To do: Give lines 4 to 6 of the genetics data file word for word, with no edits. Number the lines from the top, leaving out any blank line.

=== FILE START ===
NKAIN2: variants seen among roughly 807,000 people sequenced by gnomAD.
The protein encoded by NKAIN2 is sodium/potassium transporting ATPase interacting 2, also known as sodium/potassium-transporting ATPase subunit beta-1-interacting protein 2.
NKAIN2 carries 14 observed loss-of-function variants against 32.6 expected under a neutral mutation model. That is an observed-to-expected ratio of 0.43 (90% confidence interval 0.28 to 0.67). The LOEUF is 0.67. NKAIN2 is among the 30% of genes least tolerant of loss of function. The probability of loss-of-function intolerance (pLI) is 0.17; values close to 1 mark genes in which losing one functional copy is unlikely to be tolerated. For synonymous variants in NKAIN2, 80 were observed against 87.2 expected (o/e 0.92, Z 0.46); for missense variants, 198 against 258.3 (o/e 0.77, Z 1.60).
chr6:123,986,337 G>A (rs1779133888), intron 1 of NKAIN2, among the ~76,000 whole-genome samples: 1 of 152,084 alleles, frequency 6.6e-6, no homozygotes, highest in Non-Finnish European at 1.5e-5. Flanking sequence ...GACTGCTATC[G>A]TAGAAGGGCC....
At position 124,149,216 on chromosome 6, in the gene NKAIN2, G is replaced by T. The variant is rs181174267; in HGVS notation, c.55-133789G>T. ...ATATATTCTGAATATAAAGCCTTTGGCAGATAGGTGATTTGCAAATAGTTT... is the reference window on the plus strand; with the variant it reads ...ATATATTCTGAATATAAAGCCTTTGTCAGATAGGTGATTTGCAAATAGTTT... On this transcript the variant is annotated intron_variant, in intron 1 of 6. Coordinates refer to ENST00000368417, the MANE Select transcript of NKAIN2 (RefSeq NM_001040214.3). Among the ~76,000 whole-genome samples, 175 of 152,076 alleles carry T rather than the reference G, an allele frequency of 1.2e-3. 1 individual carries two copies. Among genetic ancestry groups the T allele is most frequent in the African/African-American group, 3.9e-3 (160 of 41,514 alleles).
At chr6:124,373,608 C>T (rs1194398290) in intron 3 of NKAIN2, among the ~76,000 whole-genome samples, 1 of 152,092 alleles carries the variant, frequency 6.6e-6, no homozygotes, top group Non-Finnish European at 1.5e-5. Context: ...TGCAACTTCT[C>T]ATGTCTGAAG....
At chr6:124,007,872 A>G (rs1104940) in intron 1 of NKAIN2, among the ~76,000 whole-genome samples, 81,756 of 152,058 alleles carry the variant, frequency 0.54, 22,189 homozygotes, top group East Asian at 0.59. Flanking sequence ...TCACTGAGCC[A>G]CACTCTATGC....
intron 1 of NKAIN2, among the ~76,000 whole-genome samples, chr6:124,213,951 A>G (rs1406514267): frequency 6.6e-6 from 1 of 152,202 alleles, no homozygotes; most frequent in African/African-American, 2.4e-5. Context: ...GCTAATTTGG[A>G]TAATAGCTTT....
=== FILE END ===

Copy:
chr6:123,986,337 G>A (rs1779133888), intron 1 of NKAIN2, among the ~76,000 whole-genome samples: 1 of 152,084 alleles, frequency 6.6e-6, no homozygotes, highest in Non-Finnish European at 1.5e-5. Flanking sequence ...GACTGCTATC[G>A]TAGAAGGGCC....
At position 124,149,216 on chromosome 6, in the gene NKAIN2, G is replaced by T. The variant is rs181174267; in HGVS notation, c.55-133789G>T. ...ATATATTCTGAATATAAAGCCTTTGGCAGATAGGTGATTTGCAAATAGTTT... is the reference window on the plus strand; with the variant it reads ...ATATATTCTGAATATAAAGCCTTTGTCAGATAGGTGATTTGCAAATAGTTT... On this transcript the variant is annotated intron_variant, in intron 1 of 6. Coordinates refer to ENST00000368417, the MANE Select transcript of NKAIN2 (RefSeq NM_001040214.3). Among the ~76,000 whole-genome samples, 175 of 152,076 alleles carry T rather than the reference G, an allele frequency of 1.2e-3. 1 individual carries two copies. Among genetic ancestry groups the T allele is most frequent in the African/African-American group, 3.9e-3 (160 of 41,514 alleles).
At chr6:124,373,608 C>T (rs1194398290) in intron 3 of NKAIN2, among the ~76,000 whole-genome samples, 1 of 152,092 alleles carries the variant, frequency 6.6e-6, no homozygotes, top group Non-Finnish European at 1.5e-5. Context: ...TGCAACTTCT[C>T]ATGTCTGAAG....